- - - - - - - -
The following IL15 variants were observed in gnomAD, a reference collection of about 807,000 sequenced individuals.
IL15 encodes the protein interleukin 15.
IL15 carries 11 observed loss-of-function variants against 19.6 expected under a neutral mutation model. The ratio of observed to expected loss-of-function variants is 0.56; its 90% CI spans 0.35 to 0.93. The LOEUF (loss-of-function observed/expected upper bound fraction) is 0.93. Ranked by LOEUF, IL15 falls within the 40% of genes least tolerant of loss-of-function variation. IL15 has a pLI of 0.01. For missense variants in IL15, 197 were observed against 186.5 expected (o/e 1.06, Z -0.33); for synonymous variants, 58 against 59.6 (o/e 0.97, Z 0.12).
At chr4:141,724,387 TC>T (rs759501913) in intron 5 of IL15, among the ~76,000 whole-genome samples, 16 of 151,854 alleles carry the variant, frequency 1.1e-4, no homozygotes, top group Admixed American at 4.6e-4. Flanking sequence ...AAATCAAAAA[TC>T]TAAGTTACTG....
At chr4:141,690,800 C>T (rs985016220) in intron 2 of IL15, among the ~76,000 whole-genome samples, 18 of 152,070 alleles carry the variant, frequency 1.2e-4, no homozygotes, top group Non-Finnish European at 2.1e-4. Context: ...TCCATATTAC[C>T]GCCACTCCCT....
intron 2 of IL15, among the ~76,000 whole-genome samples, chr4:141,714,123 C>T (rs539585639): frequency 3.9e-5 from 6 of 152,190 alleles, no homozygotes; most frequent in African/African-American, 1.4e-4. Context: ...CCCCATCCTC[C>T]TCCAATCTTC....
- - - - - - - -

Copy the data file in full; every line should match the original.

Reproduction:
The following IL15 variants were observed in gnomAD, a reference collection of about 807,000 sequenced individuals.
IL15 encodes the protein interleukin 15.
IL15 carries 11 observed loss-of-function variants against 19.6 expected under a neutral mutation model. The ratio of observed to expected loss-of-function variants is 0.56; its 90% CI spans 0.35 to 0.93. The LOEUF (loss-of-function observed/expected upper bound fraction) is 0.93. Ranked by LOEUF, IL15 falls within the 40% of genes least tolerant of loss-of-function variation. IL15 has a pLI of 0.01. For missense variants in IL15, 197 were observed against 186.5 expected (o/e 1.06, Z -0.33); for synonymous variants, 58 against 59.6 (o/e 0.97, Z 0.12).
At chr4:141,724,387 TC>T (rs759501913) in intron 5 of IL15, among the ~76,000 whole-genome samples, 16 of 151,854 alleles carry the variant, frequency 1.1e-4, no homozygotes, top group Admixed American at 4.6e-4. Flanking sequence ...AAATCAAAAA[TC>T]TAAGTTACTG....
At chr4:141,690,800 C>T (rs985016220) in intron 2 of IL15, among the ~76,000 whole-genome samples, 18 of 152,070 alleles carry the variant, frequency 1.2e-4, no homozygotes, top group Non-Finnish European at 2.1e-4. Context: ...TCCATATTAC[C>T]GCCACTCCCT....
intron 2 of IL15, among the ~76,000 whole-genome samples, chr4:141,714,123 C>T (rs539585639): frequency 3.9e-5 from 6 of 152,190 alleles, no homozygotes; most frequent in African/African-American, 1.4e-4. Context: ...CCCCATCCTC[C>T]TCCAATCTTC....